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Lodge P14W3 Seasoned Cast Iron Wok, 14 inch
|Price:||$46.69 & FREE Shipping. Details|
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- 14 inch diameter Cast Iron Wok
- Sturdy flat base keeps wok stationary on the stovetop
- Use on Electric, Gas or Induction stove top. Can be used in the oven
- Seasoned with oil for a natural, easy-release finish that improves with use
- Made in USA
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From the manufacturer
Lodge P14W3 Seasoned Cast Iron Wok, 14 inch
The Lodge Wok is made of 100% cast iron, which retains heat better than other metals, making short work of everything from Asian stir fry to a summer vegetable saute. The flattened bottom is ideal for all cooking surfaces including induction.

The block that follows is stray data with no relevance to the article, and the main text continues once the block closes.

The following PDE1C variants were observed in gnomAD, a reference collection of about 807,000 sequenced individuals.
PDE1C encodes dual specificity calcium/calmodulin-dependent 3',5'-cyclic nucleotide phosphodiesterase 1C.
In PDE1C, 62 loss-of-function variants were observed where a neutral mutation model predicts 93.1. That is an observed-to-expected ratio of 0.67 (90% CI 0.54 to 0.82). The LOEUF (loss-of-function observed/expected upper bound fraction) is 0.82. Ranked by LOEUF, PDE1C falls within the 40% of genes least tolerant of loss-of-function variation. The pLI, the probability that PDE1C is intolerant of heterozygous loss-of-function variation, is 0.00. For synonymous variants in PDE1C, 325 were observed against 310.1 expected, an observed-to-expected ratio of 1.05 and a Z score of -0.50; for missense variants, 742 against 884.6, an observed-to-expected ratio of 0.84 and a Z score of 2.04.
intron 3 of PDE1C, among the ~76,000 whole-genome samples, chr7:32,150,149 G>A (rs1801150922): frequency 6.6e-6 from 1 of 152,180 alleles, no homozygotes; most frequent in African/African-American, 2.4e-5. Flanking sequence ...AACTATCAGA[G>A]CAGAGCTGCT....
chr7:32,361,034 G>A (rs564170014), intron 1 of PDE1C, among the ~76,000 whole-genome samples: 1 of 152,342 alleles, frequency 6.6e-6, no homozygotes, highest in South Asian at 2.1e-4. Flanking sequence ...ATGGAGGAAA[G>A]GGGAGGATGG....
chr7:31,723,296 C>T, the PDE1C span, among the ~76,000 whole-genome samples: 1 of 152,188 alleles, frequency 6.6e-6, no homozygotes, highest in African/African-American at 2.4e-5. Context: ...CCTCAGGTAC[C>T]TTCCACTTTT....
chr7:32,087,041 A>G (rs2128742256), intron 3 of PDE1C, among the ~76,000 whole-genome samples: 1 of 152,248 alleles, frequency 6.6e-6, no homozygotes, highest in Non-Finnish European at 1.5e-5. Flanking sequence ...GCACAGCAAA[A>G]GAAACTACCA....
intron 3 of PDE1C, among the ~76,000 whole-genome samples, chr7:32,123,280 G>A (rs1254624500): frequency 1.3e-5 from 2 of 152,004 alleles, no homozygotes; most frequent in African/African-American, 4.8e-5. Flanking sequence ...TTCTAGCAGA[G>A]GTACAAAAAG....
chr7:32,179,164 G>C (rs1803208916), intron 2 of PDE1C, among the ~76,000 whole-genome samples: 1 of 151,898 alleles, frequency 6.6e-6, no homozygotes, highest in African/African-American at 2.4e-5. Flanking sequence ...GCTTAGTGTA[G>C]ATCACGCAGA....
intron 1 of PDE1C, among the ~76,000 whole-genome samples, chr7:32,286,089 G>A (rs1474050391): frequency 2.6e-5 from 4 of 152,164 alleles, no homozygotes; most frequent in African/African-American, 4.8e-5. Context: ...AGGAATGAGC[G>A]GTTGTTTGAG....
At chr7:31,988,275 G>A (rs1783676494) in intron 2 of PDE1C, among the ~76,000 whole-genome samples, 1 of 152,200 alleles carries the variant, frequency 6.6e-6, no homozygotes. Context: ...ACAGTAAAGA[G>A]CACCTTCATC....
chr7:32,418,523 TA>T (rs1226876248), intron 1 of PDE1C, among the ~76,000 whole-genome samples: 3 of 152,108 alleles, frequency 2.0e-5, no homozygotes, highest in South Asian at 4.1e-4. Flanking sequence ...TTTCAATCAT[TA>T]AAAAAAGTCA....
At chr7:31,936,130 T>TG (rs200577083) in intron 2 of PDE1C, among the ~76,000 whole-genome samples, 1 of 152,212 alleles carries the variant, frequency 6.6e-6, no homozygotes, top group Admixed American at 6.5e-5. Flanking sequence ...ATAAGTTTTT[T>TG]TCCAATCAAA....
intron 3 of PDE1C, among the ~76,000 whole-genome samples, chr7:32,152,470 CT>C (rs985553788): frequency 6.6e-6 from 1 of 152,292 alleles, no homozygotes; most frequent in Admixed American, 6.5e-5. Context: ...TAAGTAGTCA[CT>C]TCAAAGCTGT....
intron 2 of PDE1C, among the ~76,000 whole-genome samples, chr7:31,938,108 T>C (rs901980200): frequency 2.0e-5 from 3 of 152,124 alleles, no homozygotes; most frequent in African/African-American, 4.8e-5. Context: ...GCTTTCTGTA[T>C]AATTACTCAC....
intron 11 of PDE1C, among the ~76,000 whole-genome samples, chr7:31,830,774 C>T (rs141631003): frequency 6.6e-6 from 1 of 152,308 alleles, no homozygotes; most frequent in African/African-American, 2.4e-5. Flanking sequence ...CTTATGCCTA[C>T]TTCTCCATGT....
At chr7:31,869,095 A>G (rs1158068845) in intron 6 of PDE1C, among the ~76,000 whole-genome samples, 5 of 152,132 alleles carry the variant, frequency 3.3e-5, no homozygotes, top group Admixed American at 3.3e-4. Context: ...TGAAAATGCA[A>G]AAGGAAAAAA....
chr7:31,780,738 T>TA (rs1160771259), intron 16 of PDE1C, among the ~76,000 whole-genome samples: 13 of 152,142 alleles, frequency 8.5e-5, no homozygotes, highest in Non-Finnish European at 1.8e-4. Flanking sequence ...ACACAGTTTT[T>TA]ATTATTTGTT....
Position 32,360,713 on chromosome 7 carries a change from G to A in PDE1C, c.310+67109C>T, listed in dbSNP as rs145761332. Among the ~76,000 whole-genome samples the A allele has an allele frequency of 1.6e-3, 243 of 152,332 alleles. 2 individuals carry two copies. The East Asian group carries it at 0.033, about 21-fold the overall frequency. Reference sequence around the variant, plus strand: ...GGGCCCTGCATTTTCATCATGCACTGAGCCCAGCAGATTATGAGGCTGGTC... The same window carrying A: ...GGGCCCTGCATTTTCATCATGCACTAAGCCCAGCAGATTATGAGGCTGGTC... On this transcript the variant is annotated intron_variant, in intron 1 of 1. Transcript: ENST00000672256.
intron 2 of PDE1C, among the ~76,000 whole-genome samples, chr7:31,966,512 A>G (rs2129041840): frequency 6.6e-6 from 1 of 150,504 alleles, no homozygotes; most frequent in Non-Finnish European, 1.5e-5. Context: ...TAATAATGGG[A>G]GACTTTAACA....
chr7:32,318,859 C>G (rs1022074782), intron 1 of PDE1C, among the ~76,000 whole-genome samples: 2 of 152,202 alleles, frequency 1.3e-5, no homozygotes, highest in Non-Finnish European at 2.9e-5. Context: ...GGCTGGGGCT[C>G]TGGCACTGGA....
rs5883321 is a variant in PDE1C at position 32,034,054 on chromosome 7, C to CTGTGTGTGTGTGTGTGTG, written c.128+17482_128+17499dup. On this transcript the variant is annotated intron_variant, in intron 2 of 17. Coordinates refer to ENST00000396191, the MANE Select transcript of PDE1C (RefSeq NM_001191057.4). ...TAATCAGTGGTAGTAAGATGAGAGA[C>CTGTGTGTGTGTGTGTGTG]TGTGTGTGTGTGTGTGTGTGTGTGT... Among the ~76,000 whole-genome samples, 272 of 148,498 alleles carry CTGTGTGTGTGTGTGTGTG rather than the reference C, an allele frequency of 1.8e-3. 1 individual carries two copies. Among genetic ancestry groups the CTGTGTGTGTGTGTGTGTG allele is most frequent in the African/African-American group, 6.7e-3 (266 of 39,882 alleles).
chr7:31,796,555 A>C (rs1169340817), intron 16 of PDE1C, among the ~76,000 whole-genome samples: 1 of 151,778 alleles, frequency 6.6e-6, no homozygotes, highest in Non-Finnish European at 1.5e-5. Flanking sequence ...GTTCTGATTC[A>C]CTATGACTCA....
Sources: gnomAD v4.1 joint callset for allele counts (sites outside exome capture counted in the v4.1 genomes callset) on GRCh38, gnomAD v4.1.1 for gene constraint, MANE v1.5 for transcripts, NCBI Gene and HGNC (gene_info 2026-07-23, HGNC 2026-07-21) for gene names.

- Gas flames should not extend up the sides of cookware.
- Match pan size to burner size.
- Don’t use in the microwave.
- When deep frying, fill cookware only to 1/3 of capacity.
- 14 inch diameter top, with 5.5 inch flat base
- Foundry seasoned, ready to use upon purchase
- Features 2 large loop handles
- Made in the USA
Use and Care
If you do Nothing Else...
Hand wash. Dry immediately—even before first use.
Rub with a light coat of vegetable oil after every wash.
How much oil? Enough to restore the sheen, without being 'sticky'.
Why? To keep the iron 'seasoned' and protected from moisture.
Seasoning—It isn't Salt and Pepper
'Seasoning'” is vegetable oil baked onto the iron at a high temperature: not a chemical non-stick coating.
Seasoning creates the natural, easy-release properties. The more you cook, the better it gets.
Because you create, maintain, and even repair the 'seasoning', your cookware can last 100 years or more. Chemical non-stick coating cannot be repaired, limiting lifespan.